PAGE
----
Ptolemaic Egypt

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Ptolemaic Egypt


      Greek control of Egypt began in 332 BC, when Alexander the Great of Macedon overthrew the Persian rulers and established Alexandria as the capital of Greek governed Egypt. Alexander showed great respect for the local customs and cultures. He even visited the Oracle of Amun (in present-day Siwa), where he was (conveniently) proclaimed the heir of Amun-Re. While introducing some aspects of Greek (or Hellenistic) culture, Alexander allowed the native Egyptians to continue many of their own administrative functions and for many years, military and civilian administrations were kept separate.

      In 331 BC, Alexander departed Egypt for the East, leaving Cleomenes in charge of the kingdom in his absence. Upon Alexander’s death in Babylon in 323, his entire empire was rocked by a succession crisis, which pitted many of Alexander’s former colleagues against one another. Eventually one of his top generals and childhood friends, Ptolemy seized the territory of Egypt, eventually proclaiming himself as "Pharaoh" and ushering in 300 years of Ptolemaic rule.

      Ptolemaic Egypt was a culturally and intellectually lively place. Under the guidance of his teacher, Demetrius Phalereus (who was in turn a former pupil of Aristotle), Ptolemy built the Museum and Library of Alexandria and invited scholars from all around the world to come and join the intellectual community of the city. Many great thinkers were nurtured during this time, among them: Euclid, the famous mathematician, Eratosthenes, the mathematician and geographer who used measurements of the angle of the sun at two different places in Egypt to estimate the circumference of the Earth to be 39,690 kilometers (an error of less than 1%), and Herophilos, founder of the medical school of Alexandria, whom performed the first human dissections and was an early pioneer of the scientific method.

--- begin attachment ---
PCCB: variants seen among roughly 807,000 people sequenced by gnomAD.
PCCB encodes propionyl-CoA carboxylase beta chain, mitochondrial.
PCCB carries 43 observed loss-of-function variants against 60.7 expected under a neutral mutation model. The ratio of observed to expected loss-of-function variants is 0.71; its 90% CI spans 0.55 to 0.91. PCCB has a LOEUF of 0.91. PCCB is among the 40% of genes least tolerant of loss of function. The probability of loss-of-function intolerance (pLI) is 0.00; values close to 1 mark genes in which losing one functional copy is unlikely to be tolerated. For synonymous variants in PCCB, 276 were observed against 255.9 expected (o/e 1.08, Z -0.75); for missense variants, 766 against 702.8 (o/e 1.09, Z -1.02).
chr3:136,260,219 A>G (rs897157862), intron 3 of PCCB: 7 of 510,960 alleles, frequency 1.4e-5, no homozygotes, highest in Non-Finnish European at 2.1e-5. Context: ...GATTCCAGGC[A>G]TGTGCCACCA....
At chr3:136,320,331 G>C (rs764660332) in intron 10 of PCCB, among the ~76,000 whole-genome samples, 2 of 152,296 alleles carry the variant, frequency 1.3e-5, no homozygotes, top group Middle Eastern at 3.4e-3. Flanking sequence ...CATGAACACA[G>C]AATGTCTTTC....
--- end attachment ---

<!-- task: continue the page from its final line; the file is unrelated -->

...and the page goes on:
Ptolemy I died in 283 BC and his son Ptolemy II ascended the throne. Ptolemy II commissioned a number of important construction and engineering projects. He completed the construction of the Great Lighthouse of Alexandria, one of the Seven Wonders of the Ancient World, which was started during his father's reign. Ptolemy II also sponsored the re-opening of the canal between the Red Sea and the Nile River, that had existed during the Persian era but had fell into disrepair. This canal allowed ships to pass through the Mediterranean to the Red Sea via the Nile River and was a forbear to the Suez Canal completed in the Nineteenth Century. Ptolemy II also sponsored the draining of Lake Moeris in the Fayum Oasis, reclaiming about 1,200 square kilometers of easily irrigated agricultural land, which became known as the 'Garden of Egypt'. With the help of new innovations in agriculture, such as the water wheel, the Fayum blossomed into the most productive area of the country.

Great Lighthouse
The Great Lighthouse of Alexandria, one of the 7 wonders of the Ancient World.